Many employers overlook the proper due diligence of academic credentials of senior executives.  Corporate boards and even senior management seem to let their guards down when it comes to verifying prior academic credentials at this level.  Most executives are judged by their prior work performance and accomplishments they leave behind with their previous employers.  They only assume that the academic credentials candidates provide must be true and surely verified by previous employers.  Maybe corporate boards are just embarrassed to ask for verification of something they feel is pretty trivial or insignificant after several years of a work experience.  Many times, prior lies and embellishments go undetected for that very reason as many executives work up through the ranks and education credentials were not part of the hiring criteria for the position sought at the time.  In addition, the trend of verifying credentials was not customary in the 70s, 80s or even early 90s when many of these individuals joined the workforce which let many embellishers slip through the cracks.  With today’s trend of increasing diploma mills and fraudulent online degree scams, employers are taking a second look at education verification and making the education credentialing process a mainstay in many positions. Proper verification up front can detect such fraud before an employee climbs the corporate ladder.  Just think, only a few dollars and a minimum amount of time could have eliminated every one of the scenarios described above.  Executives and leaders of every corporation need to be held to a higher standard as they’re the ambassadors of the corporate brand.  In many instances, they’re in the public eye and under much scrutiny from a variety of stakeholders.  Integrity and credibility are key when hiring an executive that is truly the icon and spokesperson hired to represent the company’s public image.

At Employment Background Investigations, Inc. (EBI), we urge employers to verify the legitimacy of a candidate’s education background and not to take a candidate’s, employee’s or even an executive’s supplied education credentials at face value.  Fraud is on the rise and employers need to take a proactive stance to properly vet their workforce.  EBI works on behalf of employers to properly verify a subject’s credentials.  Our experienced Verification Specialists take several steps to verify if a degree is from a legitimate institution.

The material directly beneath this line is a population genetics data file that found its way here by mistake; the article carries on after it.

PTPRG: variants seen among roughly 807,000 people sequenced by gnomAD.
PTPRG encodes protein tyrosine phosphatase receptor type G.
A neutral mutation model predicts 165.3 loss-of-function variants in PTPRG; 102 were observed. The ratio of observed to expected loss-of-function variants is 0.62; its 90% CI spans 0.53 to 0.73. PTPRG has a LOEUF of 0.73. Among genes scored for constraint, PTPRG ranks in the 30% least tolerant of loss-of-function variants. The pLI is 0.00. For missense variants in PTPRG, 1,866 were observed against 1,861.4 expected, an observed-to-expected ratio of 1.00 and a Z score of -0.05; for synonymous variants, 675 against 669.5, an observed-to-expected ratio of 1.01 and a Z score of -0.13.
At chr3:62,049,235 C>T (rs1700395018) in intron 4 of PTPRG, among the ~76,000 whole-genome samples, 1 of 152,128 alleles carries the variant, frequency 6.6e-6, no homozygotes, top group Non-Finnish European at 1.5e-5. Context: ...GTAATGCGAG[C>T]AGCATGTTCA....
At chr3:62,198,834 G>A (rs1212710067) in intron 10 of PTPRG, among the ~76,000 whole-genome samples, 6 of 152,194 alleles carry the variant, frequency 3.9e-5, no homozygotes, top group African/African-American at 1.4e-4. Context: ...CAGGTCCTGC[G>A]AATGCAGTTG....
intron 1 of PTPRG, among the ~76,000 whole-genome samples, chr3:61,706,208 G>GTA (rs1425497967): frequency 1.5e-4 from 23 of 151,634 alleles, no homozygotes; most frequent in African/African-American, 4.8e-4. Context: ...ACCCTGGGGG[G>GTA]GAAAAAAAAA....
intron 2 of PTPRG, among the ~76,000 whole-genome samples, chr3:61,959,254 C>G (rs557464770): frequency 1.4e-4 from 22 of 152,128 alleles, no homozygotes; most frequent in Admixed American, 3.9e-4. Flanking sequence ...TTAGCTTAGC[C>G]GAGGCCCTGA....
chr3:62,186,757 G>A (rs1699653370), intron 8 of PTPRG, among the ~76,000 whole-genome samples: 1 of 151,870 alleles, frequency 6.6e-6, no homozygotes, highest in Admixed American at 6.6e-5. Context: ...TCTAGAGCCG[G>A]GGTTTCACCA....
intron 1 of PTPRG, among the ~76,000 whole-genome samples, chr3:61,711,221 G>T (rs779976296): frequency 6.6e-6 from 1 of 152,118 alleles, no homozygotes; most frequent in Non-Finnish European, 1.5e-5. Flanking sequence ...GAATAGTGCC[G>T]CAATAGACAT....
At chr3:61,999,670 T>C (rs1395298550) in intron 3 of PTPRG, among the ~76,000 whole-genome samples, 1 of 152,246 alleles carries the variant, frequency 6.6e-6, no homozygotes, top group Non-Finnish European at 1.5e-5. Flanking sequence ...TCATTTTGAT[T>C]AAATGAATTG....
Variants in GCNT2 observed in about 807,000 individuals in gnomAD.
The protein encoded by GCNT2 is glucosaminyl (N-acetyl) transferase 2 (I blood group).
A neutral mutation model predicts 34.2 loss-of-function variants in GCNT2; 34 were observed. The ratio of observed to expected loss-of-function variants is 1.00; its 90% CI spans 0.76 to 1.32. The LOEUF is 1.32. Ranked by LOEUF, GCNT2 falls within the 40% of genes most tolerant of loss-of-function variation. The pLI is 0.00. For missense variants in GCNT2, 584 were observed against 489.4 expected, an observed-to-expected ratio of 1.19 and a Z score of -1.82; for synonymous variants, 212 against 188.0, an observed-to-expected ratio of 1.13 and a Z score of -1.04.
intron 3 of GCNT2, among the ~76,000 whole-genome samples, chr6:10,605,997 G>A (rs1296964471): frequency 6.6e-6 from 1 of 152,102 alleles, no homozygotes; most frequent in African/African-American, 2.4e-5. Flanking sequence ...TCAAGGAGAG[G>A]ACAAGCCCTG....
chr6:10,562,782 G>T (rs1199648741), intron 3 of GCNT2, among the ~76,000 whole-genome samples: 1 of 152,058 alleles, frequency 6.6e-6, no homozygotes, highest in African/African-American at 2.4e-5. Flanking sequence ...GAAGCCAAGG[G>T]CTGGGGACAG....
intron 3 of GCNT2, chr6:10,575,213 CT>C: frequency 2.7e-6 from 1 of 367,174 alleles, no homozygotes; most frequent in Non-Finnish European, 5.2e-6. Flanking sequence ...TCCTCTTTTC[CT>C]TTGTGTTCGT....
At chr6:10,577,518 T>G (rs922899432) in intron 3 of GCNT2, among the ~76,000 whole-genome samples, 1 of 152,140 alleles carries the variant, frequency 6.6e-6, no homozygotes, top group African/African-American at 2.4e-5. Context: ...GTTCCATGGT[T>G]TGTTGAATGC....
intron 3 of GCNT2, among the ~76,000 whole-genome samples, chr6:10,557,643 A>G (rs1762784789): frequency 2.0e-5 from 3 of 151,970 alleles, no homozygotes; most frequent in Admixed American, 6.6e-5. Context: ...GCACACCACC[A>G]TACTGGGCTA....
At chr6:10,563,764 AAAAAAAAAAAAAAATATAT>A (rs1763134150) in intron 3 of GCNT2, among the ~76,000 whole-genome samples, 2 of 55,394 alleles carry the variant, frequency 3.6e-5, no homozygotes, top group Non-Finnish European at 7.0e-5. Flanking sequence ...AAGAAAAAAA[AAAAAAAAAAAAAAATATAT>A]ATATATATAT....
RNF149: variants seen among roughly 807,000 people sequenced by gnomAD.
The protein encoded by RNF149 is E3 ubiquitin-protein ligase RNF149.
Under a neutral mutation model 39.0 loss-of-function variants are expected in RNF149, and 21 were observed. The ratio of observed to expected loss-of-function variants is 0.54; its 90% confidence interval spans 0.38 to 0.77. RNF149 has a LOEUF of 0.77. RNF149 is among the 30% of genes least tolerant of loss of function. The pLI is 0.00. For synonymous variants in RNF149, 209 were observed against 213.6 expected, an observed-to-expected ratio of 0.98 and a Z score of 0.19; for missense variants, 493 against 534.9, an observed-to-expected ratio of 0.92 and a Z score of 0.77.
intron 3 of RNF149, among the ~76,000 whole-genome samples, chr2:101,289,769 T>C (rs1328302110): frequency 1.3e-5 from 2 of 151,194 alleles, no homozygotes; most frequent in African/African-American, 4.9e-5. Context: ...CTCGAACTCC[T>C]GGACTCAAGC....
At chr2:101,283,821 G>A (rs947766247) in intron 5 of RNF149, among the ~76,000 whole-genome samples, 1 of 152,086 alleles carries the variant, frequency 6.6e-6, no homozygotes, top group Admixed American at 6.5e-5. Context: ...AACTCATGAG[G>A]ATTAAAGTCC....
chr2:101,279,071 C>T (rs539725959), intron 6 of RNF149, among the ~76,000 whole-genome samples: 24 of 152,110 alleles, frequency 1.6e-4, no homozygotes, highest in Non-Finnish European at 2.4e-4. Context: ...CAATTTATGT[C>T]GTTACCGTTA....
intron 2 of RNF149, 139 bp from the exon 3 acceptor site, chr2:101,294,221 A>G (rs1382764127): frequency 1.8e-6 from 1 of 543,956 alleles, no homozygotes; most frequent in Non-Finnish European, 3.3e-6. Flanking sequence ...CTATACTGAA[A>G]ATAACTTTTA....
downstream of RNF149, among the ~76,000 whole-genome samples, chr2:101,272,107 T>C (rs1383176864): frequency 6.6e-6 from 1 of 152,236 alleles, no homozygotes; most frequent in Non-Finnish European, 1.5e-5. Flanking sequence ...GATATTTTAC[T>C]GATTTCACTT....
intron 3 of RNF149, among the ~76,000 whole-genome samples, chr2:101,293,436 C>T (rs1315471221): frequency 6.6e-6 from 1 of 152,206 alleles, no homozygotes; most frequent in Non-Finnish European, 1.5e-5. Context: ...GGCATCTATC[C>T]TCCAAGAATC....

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Robert Capwell

Posted By: Robert Capwell

EBI’s Chief Knowledge Officer, Mr. Robert E. Capwell, is considered one of the leading experts in the background screening industry with over 22 years of experience in the field. Mr. Capwell was a contributing author of the second edition of the ASIS Pre-employment Background Screening Guidelines and has written numerous articles and whitepapers for various publications including a periodic column on background screening for The Society for Human Resource Management (SHRM) Online. He has been quoted in The Wall Street Journal, Human Resource Executive Magazine, Entrepreneur Magazine, and several HR-related publications. Mr. Capwell speaks regularly to industry colleagues and HR Professionals both nationally and internationally.